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For finance professionals, cloud computing can bring a lot of anxiety. A key contributor is ensuring the security of sensitive financial data and the ability to enforce internal controls when this data resides in the “cloud”, at a third-party service provider. In the US, with Sarbanes-Oxley and the hard-to-forget memories of hoops finance departments had to jump through to comply with it, should finance departments ignore the cloud and keep their data securely on premise? We could debate ad infinitum whether your on premise data is really secure but what about the cloud computing providers? The economics of the cloud are certainly compelling but what about the compliance risk?

Fortunately, there are standards to help ensure that your cloud provider has taken the proper steps to keep your financial data secure and compliant. These standards, namely the Statement on Standards for Attestation Engagements No. 16 (SSAE 16) in the US and its international cousin, the International Standard on Assurance Engagements No.  3402 (ISAE 3402) provide guidance to accounting firms who audit a service provider’s books. These standards are relatively new, having gone into effect just last year. In the US, SSAE 16 replaced the better known Statement of Auditing Standards 70 (SAS 70).  SAS 70 was issued by the American Institute of Certified Public Accountants (AICPA) several years ago for the same purpose—assessing a service provider’s internal controls. However developments such as the globalization of information technology and a desire to align global accounting standards necessitated the adoption of the newer standards (the AICPA now requires its members to follow SSAE 16). 

As I started to say, the new standards assist accounting firms who audit a service provider’s financial records (for the record,  a “service provider” is any company who provides outsourced work to another company and a cloud provider falls squarely in that camp). When performing an audit, accountants must also assess the effectiveness of a provider’s processes to safeguard financial data from tampering. These processes are called internal controls. Upon completing an internal controls audit, an accounting firm will issue a report attesting to the service provider’s compliance to its customers and other external stakeholders.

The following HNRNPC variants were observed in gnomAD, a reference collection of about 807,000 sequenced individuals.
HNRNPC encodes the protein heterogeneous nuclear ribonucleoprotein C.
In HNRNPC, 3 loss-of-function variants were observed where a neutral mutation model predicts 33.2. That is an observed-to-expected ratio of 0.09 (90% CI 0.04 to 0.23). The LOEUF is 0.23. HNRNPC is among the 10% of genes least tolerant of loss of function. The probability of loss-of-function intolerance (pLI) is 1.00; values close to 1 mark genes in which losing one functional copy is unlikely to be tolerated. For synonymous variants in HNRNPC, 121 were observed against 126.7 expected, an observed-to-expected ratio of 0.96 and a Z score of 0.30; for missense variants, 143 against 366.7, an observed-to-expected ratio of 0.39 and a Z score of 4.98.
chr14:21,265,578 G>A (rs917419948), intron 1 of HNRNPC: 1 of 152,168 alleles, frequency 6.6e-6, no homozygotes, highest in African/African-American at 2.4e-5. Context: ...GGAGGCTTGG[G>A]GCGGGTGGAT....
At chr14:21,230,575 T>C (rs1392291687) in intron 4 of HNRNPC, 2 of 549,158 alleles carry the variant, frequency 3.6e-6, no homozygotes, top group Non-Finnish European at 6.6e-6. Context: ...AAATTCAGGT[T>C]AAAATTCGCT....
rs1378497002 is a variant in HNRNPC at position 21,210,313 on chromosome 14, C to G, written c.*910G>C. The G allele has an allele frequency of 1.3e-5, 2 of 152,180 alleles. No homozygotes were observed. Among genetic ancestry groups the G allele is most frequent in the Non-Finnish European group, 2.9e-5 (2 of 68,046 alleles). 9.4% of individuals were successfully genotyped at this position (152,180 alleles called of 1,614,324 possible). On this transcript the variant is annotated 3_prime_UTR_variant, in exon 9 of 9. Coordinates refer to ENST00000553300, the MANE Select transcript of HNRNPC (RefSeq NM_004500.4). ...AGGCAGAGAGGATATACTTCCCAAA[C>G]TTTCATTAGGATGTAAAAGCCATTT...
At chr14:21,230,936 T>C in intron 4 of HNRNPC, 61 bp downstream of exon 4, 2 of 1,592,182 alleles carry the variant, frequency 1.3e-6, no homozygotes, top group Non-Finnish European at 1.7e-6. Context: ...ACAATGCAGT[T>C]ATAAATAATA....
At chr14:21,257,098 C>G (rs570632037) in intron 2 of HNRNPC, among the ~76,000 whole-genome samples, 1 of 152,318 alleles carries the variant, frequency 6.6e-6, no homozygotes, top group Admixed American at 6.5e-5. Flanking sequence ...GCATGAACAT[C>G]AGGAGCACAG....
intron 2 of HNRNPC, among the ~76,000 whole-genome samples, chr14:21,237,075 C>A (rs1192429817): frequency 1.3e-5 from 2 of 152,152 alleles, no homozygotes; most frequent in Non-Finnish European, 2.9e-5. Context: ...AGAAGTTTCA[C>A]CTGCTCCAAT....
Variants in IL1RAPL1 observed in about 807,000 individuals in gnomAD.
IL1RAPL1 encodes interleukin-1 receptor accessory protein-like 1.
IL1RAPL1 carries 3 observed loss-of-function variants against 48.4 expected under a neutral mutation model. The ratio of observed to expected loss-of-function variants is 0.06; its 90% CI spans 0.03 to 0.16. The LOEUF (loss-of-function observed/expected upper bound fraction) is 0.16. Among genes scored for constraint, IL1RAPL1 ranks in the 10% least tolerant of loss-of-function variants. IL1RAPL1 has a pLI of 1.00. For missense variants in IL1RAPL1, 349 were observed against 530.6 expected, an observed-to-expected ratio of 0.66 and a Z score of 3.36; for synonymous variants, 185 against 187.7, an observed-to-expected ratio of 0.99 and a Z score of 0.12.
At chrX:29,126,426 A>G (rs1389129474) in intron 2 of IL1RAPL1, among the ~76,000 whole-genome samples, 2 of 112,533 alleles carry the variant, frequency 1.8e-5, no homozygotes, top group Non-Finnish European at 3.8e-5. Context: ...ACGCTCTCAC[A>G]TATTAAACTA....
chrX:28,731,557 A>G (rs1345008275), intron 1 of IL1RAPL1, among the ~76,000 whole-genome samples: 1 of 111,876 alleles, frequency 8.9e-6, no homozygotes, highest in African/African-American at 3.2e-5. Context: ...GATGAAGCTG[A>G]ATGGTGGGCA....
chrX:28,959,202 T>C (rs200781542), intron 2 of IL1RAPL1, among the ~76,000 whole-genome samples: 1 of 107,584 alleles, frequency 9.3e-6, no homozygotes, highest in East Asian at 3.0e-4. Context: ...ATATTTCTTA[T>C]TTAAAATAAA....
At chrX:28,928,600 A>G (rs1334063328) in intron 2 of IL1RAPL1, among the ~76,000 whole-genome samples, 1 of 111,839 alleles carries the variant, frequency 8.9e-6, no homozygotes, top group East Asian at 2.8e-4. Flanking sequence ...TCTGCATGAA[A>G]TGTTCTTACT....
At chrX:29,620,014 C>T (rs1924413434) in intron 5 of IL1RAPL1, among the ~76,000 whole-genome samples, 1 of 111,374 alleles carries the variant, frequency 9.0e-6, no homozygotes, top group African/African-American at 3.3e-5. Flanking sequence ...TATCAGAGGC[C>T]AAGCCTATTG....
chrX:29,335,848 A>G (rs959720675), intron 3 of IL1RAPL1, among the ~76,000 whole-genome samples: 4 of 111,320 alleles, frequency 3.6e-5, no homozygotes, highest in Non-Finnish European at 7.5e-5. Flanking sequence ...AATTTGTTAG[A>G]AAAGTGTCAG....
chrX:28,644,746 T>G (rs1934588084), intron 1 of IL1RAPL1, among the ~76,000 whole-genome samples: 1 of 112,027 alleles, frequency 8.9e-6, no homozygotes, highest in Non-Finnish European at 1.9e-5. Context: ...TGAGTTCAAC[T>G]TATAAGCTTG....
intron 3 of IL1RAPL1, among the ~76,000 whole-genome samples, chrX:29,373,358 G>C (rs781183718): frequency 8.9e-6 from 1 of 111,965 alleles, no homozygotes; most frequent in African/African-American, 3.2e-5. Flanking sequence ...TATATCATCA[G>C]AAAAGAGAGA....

The standards also apply to companies who use service providers. They offer similar guidance to accounting firms who audit the books of companies who use external service providers. Because certain service providers—and most certainly providers of cloud-based financial systems—can have a significant impact on the customer’s control environment, external stakeholders need to ensure that both the company and the cloud provider have followed proper internal control procedures.

What does this mean to cloud providers? Among other things, it’s a powerful marketing tool—like the venerable Good Housekeeping seal,  it helps dispel the concerns of would be financial buyers that somehow their data is not safe or they’ll have compliance problems if they ditch their old accounting systems for a cloud-based system. Additionally, a cloud provider’s sales people should be able to articulate what this means to reluctant financial decision-makers. Now before sales people start flaming me, let me say that finance people get confused by this stuff (just ask them if they clearly understand the rules on revenue recognition or foreign exchange valuation).  You don’t need to quote SSAE 16 or ISAE 3402 chapter and verse. Rather, you should be able to communicate just what I’ve written above and if the finance person still has doubts, they can call their auditor. Cloud computing offers many significant benefits but for some, the perceived risks prevent them from adopting it. Hopefully, this blog offers a bit more assurance that data in the cloud may indeed be better than data stored on premise.

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